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#compose
Title
# compose
m

myanmarking

01/12/2022, 5:46 PM
Having something like this:
fun someComposable(enabled: Boolean){
var valueField by remember{
mutableStateOf(..)
}
val errorInternal: Boolean = remember(enabled, valueField) {
derivedStateOf(valueField && enabled)
}
}
I need a state that depends on another state and a variable. derivedStateOf is for state only. This works but is this the correct approach?
c

Casey Brooks

01/12/2022, 5:48 PM
maybe wrap that other variable in
rememberUpdatedState()
? Putting
derivedStateOf
in a
remember { }
block seems wrong to me, though I can't really articulate why...
m

myanmarking

01/12/2022, 5:53 PM
Like this:
fun someComposable(enabled: Boolean){
var valueField by remember{
mutableStateOf(..)
}
val _enabled = rememberUpdatedState(enabled)
val errorInternal by derivedStateOf(valueField && enabled)}
}
c

Casey Brooks

01/12/2022, 5:59 PM
Yeah, I think that would work. Alternatively, since the value you're calculating for
errorInternal
is fast, you probably don't need to do that at all.
derivedStateOf
is more of a cache for expensive operations that depend on state values, rather than a requirement for computations based on state values. there's nothing wrong with computing simple values directly within the composable function
m

myanmarking

01/12/2022, 6:03 PM
ya but that value is used in the setup of another composable. Would that cause that composable to recompose ?
c

Casey Brooks

01/12/2022, 6:07 PM
Yes, it should, Compose is smart about that. It's more that the State variables tell Compose when to recompose, but it still checks each @Composable function individually based on the current values (whether State or not) to know what to recompose
m

myanmarking

01/12/2022, 6:10 PM
that’s one of the biggest confusions for me. There are cases i’m in doubt whether to use a state or a simple variable
c

Casey Brooks

01/12/2022, 6:13 PM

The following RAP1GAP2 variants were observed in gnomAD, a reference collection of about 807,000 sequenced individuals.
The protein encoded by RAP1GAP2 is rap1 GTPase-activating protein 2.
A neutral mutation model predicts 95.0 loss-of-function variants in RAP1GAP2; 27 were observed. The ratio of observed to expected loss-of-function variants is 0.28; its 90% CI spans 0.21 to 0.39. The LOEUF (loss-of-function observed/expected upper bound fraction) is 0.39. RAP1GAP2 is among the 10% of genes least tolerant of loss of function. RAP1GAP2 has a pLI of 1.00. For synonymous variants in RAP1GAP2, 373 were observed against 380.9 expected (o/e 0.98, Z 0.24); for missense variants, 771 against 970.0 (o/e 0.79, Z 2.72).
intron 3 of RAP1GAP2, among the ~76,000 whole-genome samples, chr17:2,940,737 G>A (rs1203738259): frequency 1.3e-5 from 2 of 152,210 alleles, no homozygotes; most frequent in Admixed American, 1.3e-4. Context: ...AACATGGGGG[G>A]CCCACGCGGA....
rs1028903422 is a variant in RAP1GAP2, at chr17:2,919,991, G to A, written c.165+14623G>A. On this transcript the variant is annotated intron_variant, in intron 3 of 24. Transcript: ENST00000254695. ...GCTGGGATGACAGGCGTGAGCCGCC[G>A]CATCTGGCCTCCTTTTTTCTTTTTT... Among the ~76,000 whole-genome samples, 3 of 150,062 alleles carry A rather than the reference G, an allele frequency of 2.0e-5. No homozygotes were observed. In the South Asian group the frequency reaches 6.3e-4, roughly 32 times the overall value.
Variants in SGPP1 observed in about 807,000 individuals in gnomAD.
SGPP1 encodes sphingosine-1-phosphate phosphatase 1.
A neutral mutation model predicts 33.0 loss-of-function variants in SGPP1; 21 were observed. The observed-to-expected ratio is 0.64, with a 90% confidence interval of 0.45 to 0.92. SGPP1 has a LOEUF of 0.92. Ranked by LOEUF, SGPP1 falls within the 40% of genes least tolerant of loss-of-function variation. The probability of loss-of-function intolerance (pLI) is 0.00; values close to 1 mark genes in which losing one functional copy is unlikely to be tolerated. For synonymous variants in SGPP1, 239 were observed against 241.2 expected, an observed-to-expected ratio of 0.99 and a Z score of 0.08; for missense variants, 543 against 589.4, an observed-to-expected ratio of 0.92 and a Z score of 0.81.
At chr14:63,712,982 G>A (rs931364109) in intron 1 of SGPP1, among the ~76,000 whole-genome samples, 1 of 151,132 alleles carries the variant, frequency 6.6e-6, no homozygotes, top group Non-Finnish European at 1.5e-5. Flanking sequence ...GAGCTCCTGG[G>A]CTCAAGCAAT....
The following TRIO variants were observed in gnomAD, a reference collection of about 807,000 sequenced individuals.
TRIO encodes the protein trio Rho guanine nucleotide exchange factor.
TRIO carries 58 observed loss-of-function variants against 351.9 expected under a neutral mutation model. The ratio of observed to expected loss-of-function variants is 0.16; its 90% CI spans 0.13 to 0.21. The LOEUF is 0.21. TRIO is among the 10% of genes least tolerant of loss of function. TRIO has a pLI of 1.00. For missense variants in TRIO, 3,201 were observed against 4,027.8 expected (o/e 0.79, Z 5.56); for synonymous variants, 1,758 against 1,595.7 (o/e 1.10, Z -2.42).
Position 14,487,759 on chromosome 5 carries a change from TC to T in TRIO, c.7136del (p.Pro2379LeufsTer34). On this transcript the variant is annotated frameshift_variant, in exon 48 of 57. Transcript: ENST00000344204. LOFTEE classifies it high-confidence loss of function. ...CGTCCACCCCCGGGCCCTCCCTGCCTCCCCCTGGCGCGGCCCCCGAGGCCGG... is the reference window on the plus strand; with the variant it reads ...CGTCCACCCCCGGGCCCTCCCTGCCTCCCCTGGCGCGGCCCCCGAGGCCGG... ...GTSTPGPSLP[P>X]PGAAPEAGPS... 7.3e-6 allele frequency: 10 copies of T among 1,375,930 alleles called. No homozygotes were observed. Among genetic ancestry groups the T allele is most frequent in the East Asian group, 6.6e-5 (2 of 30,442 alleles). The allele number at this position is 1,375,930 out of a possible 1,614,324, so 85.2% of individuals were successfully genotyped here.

I'd suggest starting with the assumption you want normal variables for everything, keep writing the same type of code you'd write elsewhere in the non-Compose world. You shouldn't need to drop down to Compose/State-specific APIs unless you actually find that to be causing issues (things not recomposing when you expect, performance concerns, etc.).
a

Alex Vanyo

01/12/2022, 6:22 PM
I would alway start with the simplest code by just computing the value directly:
Copy code
fun someComposable(enabled: Boolean){
	var valueField by remember {
		mutableStateOf(...)
	}
	val errorInternal = valueField && enabled
}
Casey is exactly right that
derivedStateOf
is a caching mechanism. It has its uses for fine-tuning when things recompose, but you shouldn’t really need to do that tuning unless you have a noticeable performance reason to do so. Just like any other caching mechanisms, you have to be more careful to invalidate the cache at the right time to see a tangible benefit without having subtle state issues
z

Zach Klippenstein (he/him) [MOD]

01/12/2022, 10:30 PM
And if you do end up using
derivedStateOf
from a composition directly, you definitely need to put it in a
remember
otherwise you’re re-creating the state every time, just like if you use
mutableStateOf
without a
remember
.
☝️ 1
l

lhwdev

01/13/2022, 5:00 AM
Note that
derivedStateOf
itself seems to be quite heavy to me. Also derivedStateOf can be used outside Compose. Thinking if something can be used outside Compose is also a great criteria like:
Copy code
class Model {
    val a by mutableStateOf { 1 }
    val b by derivedStateOf { a - 3 }
}
States (and snapshot-related apis) are not that compose-specific. In fact I use them to manage states out of Compose.